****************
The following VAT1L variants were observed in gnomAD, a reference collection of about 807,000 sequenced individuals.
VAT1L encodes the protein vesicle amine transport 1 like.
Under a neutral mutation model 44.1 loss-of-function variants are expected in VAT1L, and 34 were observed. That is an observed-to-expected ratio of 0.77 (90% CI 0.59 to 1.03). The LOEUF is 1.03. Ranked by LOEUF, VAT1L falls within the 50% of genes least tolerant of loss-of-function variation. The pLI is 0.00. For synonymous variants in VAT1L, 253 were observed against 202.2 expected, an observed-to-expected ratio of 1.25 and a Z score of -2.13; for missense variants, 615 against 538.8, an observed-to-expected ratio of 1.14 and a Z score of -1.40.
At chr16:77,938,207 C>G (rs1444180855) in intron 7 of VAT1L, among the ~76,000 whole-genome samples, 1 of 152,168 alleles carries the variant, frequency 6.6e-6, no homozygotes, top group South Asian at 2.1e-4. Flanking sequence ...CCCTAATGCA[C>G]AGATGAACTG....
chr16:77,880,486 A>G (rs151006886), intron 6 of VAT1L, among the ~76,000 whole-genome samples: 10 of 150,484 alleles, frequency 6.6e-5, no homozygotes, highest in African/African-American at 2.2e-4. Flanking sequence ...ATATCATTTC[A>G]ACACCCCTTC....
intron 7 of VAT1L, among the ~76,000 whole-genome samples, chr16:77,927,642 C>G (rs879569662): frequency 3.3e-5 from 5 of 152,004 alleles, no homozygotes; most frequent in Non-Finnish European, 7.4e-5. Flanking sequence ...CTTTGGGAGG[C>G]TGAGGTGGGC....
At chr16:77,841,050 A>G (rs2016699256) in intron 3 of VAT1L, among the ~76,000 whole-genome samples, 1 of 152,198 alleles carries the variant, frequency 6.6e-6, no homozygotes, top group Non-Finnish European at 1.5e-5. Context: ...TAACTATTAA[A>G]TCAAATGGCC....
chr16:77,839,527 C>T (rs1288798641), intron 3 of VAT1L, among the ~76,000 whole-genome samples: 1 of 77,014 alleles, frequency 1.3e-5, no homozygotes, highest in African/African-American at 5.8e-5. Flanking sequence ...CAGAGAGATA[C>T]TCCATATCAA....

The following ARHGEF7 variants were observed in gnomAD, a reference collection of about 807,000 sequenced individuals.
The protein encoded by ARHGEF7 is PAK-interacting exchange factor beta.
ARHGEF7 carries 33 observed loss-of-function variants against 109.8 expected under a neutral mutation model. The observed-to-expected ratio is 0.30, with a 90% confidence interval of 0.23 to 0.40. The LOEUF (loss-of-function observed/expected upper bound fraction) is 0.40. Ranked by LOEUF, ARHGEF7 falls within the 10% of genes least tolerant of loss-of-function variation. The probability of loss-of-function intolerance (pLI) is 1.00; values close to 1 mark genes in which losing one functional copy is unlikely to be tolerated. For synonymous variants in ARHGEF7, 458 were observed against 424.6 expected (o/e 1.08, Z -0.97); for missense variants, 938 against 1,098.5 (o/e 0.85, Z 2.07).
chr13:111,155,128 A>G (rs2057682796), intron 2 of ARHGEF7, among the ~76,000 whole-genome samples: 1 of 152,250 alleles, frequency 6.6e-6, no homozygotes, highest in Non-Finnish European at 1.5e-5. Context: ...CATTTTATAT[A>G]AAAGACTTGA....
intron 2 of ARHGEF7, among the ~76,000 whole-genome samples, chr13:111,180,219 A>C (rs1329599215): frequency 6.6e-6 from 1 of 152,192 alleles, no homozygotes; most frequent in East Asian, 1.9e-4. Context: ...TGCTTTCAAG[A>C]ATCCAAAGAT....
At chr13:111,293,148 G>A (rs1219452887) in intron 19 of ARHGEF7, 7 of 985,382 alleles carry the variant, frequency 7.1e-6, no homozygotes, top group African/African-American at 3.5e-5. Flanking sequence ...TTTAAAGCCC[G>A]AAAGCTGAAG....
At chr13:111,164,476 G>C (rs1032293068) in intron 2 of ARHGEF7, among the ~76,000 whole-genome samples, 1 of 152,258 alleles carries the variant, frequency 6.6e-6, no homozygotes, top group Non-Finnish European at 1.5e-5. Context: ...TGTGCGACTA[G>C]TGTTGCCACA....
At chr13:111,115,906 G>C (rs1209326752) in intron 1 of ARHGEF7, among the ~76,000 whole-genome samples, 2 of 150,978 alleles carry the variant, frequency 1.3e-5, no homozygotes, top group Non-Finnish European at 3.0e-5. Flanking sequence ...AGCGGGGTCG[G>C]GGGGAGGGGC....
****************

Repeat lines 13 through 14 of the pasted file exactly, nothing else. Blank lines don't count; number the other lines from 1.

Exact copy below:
intron 2 of ARHGEF7, among the ~76,000 whole-genome samples, chr13:111,180,219 A>C (rs1329599215): frequency 6.6e-6 from 1 of 152,192 alleles, no homozygotes; most frequent in East Asian, 1.9e-4. Context: ...TGCTTTCAAG[A>C]ATCCAAAGAT....
At chr13:111,293,148 G>A (rs1219452887) in intron 19 of ARHGEF7, 7 of 985,382 alleles carry the variant, frequency 7.1e-6, no homozygotes, top group African/African-American at 3.5e-5. Flanking sequence ...TTTAAAGCCC[G>A]AAAGCTGAAG....